ROK‑U.S. joint air defense exercise ‘Max Thunder’ underway

F‑15K fight­er jet pilots arriv­ing at the First Fight­er Wing to par­tic­i­pate in the exer­cise. The drill of this year involves 60 war­planes. Pro­vid­ed by the Kore­an Air Force

F‑15K fight­er jets stand by on the First Air Base in Gwangju on May 7. The com­bat air­craft cur­rent­ly par­tic­i­pate in the first 2012 Max Thun­der exer­cise, a ROK‑U.S. bilat­er­al bian­nu­al large-scale air defense exer­cise con­duct­ed by the ROK Air Force Oper­a­tions Com­mand and the 7th U.S. Air Force. Pro­vid­ed by Kore­an Air Force
Source: MND, Repub­lic of Korea
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Kore­an and U.S. Air Forces on May 7 launched their first largest-ever and longest-ever 2012 Max Thun­der, a bilat­er­al train­ing exer­cise designed to demon­strate inter­op­er­abil­i­ty between ROK and U.S. air forces on the Kore­an Penin­su­la.

The joint exer­cise under the lead­er­ship of the Kore­an Air Force Oper­a­tions Com­mand will con­tin­ue until May 8 and is being mobi­lized large­ly over the south­west­ern air­space of the Penin­su­la.

The exer­cise involves a total of 60 planes con­sist­ing of 38 from ROK Air Force includ­ing F‑15K fight­ers and 22 from the U.S. Air Force includ­ing an ear­ly warn­ing and con­trol sys­tem sur­veil­lance plane.

Dur­ing the 12-day exer­cise peri­od, based on a sce­nario repli­cat­ing the ini­tial stages of was, the com­bined air forces are expect­ed to improve their air defense oper­a­tions capa­bil­i­ties.

The oper­a­tions are large­ly com­prised of ‘air inter­dic­tion,’ an air oper­a­tion con­duct­ed to dis­turb, delay, neu­tral­ize, or destroy ene­my forces before they attack friend­ly ground and sea forces, and ‘defen­sive counter-air,’ anoth­er air core oper­a­tion designed to detect, iden­ti­fy, inter­cept, and destroy or negate ene­my forces attempt­ing to attack or pen­e­trate the friend­ly air envi­ron­ment.

This year’s Max Thun­der marks the first time per­son­nel from the Kore­an Army Spe­cial Forces Com­mand par­tic­i­pate in a bomb­ing and a search and res­cue drill to strength­en joint­ness between dif­fer­ent branch­es of the armed forces.

The Com­mand mem­bers is to infil­trate into the enemy’s deep area receiv­ing sup­plies air­dropped by friend­ly car­go planes to direct friend­ly fight­ers to, by deliv­er­ing core tar­get intel­li­gence, accu­rate­ly bomb the tar­gets.

The Com­mand per­son­nel also are to sharp­en a pilot sur­vival exer­cise with sea­soned sur­vival instruc­tors from both sides in a sim­u­lat­ed war sit­u­a­tion in which friend­ly pilots have been iso­lat­ed in the enemy’s area because their planes had been shot down or engine trou­ble.

To avoid the ene­my ships’ radar defense net­work, the Navy’s DDH2 or Type 3 destroy­er will be deployed to play a role of a sim­u­lat­ed ene­my ship.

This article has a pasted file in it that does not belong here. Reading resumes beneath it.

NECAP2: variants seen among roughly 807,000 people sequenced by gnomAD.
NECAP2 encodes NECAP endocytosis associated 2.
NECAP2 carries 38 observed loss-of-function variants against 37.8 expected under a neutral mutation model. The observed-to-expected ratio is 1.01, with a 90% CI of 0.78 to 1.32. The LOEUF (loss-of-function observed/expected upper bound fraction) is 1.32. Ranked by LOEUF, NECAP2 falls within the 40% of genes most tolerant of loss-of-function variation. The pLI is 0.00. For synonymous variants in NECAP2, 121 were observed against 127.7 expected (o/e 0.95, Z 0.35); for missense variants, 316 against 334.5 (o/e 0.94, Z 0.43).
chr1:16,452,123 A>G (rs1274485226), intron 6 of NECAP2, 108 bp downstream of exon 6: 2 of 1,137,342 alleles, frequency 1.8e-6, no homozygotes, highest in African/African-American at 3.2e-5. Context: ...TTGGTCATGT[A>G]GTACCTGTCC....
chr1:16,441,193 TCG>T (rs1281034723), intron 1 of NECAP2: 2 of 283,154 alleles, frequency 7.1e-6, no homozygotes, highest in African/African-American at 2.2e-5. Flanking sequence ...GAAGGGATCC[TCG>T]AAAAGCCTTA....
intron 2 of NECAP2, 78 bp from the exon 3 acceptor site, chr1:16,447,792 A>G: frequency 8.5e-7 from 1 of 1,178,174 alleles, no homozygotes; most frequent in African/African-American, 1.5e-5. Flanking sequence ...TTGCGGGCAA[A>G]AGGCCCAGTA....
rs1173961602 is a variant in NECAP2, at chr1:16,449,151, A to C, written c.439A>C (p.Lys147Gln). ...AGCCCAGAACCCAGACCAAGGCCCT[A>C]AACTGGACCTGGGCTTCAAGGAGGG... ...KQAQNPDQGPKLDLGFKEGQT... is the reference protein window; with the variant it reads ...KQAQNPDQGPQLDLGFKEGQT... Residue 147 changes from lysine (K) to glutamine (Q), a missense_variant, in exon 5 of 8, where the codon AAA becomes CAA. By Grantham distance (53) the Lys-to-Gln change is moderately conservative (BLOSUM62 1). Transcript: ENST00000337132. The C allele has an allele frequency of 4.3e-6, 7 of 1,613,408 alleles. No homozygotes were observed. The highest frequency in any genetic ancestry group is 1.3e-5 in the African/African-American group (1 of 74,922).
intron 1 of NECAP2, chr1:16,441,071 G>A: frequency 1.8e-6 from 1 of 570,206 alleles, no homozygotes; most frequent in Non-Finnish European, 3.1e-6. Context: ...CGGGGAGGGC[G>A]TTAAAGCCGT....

This year’s Max Thun­der fea­tures an air refu­el­ing drill for the first time in the Max Thun­der his­to­ry dur­ing an air oper­a­tion.

In par­tic­u­lar, an air refu­el­ing instruc­tor pro­mo­tion drill was con­duct­ed at the same time the main air refu­el­ing drill, thus lead­ing five pilots to become aer­i­al refu­el­ing instruc­tors.

Through this exer­cise, the ROK Air Force showed that it intend­ed to hold ROK‑U.S strong com­bined air pow­er to imme­di­ate­ly counter any emer­gency on the Kore­an Penin­su­lar through con­tin­u­ous two Air Forces’ joint exer­cise.

■ What is the Max Thun­der exer­cise?

The Max Thun­der exer­cise is a bian­nu­al major joint air exer­cise designed to demon­strate inter­op­er­abil­i­ty between the ROK and U.S. Air Forces on the Kore­an Penin­su­la. The exer­cise has become larg­er and larg­er in its scale since it began in 2008. Max Thun­der is held in May and Sep­tem­ber every year.

The Max Thun­der exer­cise is based on the U.S.-led multi­na­tion­al air exer­cise Red Flag con­duct­ed at Nel­lis Air Force Base, Neva­da and Eiel­son Air Force Base, Alas­ka, USA.

Through­out this year’s exer­cise, the ROK and U.S. divide the par­tic­i­pants into two parts, the Blue Air team and the Red Air team, to exe­cute a real war-like war­fare. The Blue team com­prised per­son­nel and air­craft from the allies and the Red one from the Kore­an Air Force’s train­ing wing.

In the first half of the 12-day exer­cise peri­od, the allied forces engaged in exer­cis­es designed to sup­press the enemy’s air pow­er as the ene­my invad­ed the friend­ly forces’ air­space and to defend the friend­ly forces’ key tar­gets.

In the sec­ond half, com­mand­ing air supe­ri­or­i­ty in the enemy’s air­space and strik­ing the enemy’s ground tar­gets.

Source:
Min­istry of Nation­al Defense[MND], Repub­lic of Korea

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